Research blast on... Pseudomonas
Q. How is Pseudomonas like the space station in 'Star Wars'?
A. They both have their own protective shields.
One way that Pseudomonas adjusts to life in the lungs of people with CF is by building a protective ‘biofilm’ around itself; a physical shield between Pseudomonas and both antibiotics and the body’s natural defense system. Dr Tanmay Bharat and colleagues at the University of Oxford are studying how this barrier forms. This project is co-funded with Action Medical Research.
Rather than the bacteria themselves forming this physical barrier, they build a protective shield of slime around themselves, a bit like the protective shield around the enemy space station in 'Star Wars'. The shield is built from materials produced by Pseudomonas and existing building blocks already available in the body. Researchers don’t currently know how this shield is put together from these materials – if they can work this out then it will give them clues about how to remove it!
Dr Bharat is studying how the shape, size and chemical make-up of a particular component of the biofilm changes during the building of the shield. If we can understand the properties of the components which make up the shield, then we can design new antibiotics to exploit their weak spots, get through the shield and reach the Pseudomonas.
We spoke to Dr Abul Tarafder in Dr Bharat’s lab about comparing their research to battle scenes in the 'Star Wars' films, and he said: “Most of us in the lab are Star Wars fans so this comparison was particularly apt for us. We have even named some of our equipment after Star Wars characters!"
Abul sent us this photo with colleague Andriko von Kügelgen in front of their machine for purifying proteins, named after the character 'Boba Fett'. May the Force be with Dr Bharat and his colleagues!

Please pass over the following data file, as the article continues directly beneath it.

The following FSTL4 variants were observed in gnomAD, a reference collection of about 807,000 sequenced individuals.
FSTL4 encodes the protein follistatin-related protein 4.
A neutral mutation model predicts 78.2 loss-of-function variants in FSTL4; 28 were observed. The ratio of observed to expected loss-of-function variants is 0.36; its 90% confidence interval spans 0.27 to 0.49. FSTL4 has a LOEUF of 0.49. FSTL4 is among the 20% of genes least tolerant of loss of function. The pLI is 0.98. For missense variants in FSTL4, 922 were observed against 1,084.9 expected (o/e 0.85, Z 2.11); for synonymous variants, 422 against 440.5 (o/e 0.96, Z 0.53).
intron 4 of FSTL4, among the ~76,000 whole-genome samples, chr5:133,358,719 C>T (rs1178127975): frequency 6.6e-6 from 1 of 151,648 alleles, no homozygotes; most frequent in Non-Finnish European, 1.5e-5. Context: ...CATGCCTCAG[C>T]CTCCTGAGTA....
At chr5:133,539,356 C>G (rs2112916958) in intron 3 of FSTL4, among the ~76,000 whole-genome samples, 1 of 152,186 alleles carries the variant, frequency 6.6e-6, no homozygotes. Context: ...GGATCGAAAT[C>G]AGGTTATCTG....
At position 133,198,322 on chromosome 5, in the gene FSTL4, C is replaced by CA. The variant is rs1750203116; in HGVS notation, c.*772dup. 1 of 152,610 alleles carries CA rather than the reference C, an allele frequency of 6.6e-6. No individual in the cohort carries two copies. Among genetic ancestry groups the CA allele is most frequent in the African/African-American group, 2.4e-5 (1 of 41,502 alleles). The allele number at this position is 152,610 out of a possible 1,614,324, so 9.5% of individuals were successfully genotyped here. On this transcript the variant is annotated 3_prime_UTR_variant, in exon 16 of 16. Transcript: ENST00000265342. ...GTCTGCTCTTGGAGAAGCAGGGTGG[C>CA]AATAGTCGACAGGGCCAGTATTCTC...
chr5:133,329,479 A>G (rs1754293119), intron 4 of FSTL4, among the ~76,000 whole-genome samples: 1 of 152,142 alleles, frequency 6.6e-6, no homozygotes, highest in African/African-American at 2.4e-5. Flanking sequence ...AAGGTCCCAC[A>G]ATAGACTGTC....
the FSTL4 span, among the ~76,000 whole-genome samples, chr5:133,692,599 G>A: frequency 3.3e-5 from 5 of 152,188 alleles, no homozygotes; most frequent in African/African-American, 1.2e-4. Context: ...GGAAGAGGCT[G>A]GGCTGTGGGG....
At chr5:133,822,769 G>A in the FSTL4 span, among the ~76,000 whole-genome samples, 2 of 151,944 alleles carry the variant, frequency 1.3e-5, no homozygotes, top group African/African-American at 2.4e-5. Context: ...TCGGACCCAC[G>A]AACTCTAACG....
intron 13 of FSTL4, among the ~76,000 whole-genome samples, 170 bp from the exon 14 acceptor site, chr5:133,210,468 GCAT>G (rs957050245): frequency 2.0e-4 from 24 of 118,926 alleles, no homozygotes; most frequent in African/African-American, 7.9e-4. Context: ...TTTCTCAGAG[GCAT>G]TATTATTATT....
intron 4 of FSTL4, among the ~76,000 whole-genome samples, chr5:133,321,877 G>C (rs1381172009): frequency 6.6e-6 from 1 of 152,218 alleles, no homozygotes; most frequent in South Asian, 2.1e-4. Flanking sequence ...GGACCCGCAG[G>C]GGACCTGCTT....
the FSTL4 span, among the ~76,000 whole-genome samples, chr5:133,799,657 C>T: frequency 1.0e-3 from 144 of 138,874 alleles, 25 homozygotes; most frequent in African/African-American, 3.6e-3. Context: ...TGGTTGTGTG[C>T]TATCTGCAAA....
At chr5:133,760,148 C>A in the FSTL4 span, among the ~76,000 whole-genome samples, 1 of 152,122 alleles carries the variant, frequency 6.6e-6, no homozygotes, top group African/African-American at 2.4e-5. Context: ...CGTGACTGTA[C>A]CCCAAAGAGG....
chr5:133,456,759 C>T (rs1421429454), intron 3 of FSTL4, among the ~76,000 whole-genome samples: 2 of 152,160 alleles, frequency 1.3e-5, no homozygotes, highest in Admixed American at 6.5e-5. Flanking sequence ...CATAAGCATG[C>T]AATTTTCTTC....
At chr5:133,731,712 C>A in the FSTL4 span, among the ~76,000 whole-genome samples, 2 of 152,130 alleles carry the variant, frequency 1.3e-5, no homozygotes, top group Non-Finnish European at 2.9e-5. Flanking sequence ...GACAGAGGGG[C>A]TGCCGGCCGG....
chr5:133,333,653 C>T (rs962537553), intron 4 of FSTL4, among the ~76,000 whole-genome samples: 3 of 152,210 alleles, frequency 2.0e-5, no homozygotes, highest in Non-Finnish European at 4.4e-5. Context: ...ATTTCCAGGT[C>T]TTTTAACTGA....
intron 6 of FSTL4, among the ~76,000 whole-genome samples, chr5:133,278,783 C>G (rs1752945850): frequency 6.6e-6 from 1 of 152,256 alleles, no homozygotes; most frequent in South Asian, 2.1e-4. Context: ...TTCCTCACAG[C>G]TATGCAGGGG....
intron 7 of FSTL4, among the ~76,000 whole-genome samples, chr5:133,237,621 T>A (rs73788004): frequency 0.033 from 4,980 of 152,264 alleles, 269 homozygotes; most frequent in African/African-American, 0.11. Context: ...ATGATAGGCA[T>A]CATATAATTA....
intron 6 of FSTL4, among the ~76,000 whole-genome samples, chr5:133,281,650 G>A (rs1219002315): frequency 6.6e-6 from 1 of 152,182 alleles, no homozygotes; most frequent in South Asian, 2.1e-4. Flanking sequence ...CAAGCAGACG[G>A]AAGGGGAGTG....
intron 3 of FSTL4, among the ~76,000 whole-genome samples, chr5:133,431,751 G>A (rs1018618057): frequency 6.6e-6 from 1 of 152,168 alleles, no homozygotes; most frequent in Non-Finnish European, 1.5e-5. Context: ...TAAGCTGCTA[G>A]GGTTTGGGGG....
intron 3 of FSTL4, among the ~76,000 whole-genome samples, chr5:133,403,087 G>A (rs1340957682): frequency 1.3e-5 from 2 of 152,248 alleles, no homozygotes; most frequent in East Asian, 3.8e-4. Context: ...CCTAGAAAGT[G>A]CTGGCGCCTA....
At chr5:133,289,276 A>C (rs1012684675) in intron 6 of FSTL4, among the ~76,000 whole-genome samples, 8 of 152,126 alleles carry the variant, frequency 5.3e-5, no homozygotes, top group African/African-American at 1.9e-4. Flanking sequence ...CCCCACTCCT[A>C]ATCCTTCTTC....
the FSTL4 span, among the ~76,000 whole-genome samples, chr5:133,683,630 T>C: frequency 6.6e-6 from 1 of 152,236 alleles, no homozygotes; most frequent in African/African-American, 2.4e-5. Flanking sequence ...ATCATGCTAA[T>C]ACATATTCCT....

Q. Why is a new method for analysing Pseudomonas like a Cyndi Lauper lyric?
A. It’s helping to reveal Pseudomonas’ ‘True Colours’.
The way that Pseudomonas grows in the lungs of people with CF is different from person to person. This means that between different people, Pseudomonas will cause different degrees of lung damage and react differently to antibiotics. Predicting these differences can help provide the most effective treatment possible.
One of the things that causes the differences in different strains of Pseudomonas is the variation in the biproducts it produces. To paraphrase the ‘80s pop star Cyndi Lauper, each Pseudomonas strain has its own true colours. The job of our researchers working in this area is to reveal the true colours of Pseudomonas.
Until now, learning about these biproducts took a lot of sample preparation in the lab. Pseudomonas Strategic Research Centre researchers were the first to discover a rapid new method for detecting these biproducts in samples from people with cystic fibrosis. The method, called ‘REIMS’, zaps a tiny burst of electricity through the bacteria, which ‘burns’ them and creates a vapour that can be sucked up into a machine for analysis. This machine then detects subtle differences in the biproducts produced.
Our researchers are now using this data to understand more about how different strains of Pseudomonas function, and the best way to attack them.
Q. Why is defeating Pseudomonas like defeating an army?
A. The sooner you launch an attack, the better.
After people with CF become infected with Pseudomonas, the bug changes itself genetically to adapt to its environment. These changes better equip the bug to grow and survive.
Pseudomonas may initially infect the nose and upper airways before moving down to infect the lungs. Co-funded by the Trust and Action Medical Research, Dr Jo Fothergill and colleagues at the University of Liverpool are investigating if the genetic changes happen while the bacteria is still in the nose (upper airways), before it reaches the lungs. In their experiments, the team has identified a specific change in the genetic code of Pseudomonas that increases its ability to survive in the body. This crucial change enables the bug to adapt to stay in the body for a long time.
This research could help doctors target the infection much earlier, before it has had a chance to adapt and take hold in the lungs. Just as it’s easier to defend a castle from an invading army at the gates, rather than when they are already inside, if Pseudomonas can be treated before it has managed to spread to the lungs, it could be easier to get rid of.